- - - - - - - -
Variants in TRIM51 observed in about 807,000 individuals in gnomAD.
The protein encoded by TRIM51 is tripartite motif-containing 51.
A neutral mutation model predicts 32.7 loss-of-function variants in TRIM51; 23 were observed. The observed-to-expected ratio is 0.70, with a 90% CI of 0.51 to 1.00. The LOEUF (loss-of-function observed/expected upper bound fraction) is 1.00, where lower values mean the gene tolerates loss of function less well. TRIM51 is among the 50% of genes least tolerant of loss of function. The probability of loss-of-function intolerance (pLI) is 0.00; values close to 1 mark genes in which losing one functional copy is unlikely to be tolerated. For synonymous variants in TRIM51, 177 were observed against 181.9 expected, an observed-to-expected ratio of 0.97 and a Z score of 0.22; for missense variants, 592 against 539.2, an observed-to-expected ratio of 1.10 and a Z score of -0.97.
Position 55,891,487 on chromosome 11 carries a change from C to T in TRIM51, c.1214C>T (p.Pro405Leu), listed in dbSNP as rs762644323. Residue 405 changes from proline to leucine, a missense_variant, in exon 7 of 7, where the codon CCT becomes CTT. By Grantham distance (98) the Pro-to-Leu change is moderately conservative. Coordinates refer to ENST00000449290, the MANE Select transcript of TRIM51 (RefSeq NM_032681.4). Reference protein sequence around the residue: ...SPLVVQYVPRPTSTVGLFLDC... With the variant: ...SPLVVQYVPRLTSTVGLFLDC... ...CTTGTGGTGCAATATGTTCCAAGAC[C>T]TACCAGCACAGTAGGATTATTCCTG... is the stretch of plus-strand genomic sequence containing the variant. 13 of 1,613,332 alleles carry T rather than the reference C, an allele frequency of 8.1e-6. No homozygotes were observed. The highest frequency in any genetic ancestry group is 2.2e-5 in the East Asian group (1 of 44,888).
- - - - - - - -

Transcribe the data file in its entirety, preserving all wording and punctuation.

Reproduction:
Variants in TRIM51 observed in about 807,000 individuals in gnomAD.
The protein encoded by TRIM51 is tripartite motif-containing 51.
A neutral mutation model predicts 32.7 loss-of-function variants in TRIM51; 23 were observed. The observed-to-expected ratio is 0.70, with a 90% CI of 0.51 to 1.00. The LOEUF (loss-of-function observed/expected upper bound fraction) is 1.00, where lower values mean the gene tolerates loss of function less well. TRIM51 is among the 50% of genes least tolerant of loss of function. The probability of loss-of-function intolerance (pLI) is 0.00; values close to 1 mark genes in which losing one functional copy is unlikely to be tolerated. For synonymous variants in TRIM51, 177 were observed against 181.9 expected, an observed-to-expected ratio of 0.97 and a Z score of 0.22; for missense variants, 592 against 539.2, an observed-to-expected ratio of 1.10 and a Z score of -0.97.
Position 55,891,487 on chromosome 11 carries a change from C to T in TRIM51, c.1214C>T (p.Pro405Leu), listed in dbSNP as rs762644323. Residue 405 changes from proline to leucine, a missense_variant, in exon 7 of 7, where the codon CCT becomes CTT. By Grantham distance (98) the Pro-to-Leu change is moderately conservative. Coordinates refer to ENST00000449290, the MANE Select transcript of TRIM51 (RefSeq NM_032681.4). Reference protein sequence around the residue: ...SPLVVQYVPRPTSTVGLFLDC... With the variant: ...SPLVVQYVPRLTSTVGLFLDC... ...CTTGTGGTGCAATATGTTCCAAGAC[C>T]TACCAGCACAGTAGGATTATTCCTG... is the stretch of plus-strand genomic sequence containing the variant. 13 of 1,613,332 alleles carry T rather than the reference C, an allele frequency of 8.1e-6. No homozygotes were observed. The highest frequency in any genetic ancestry group is 2.2e-5 in the East Asian group (1 of 44,888).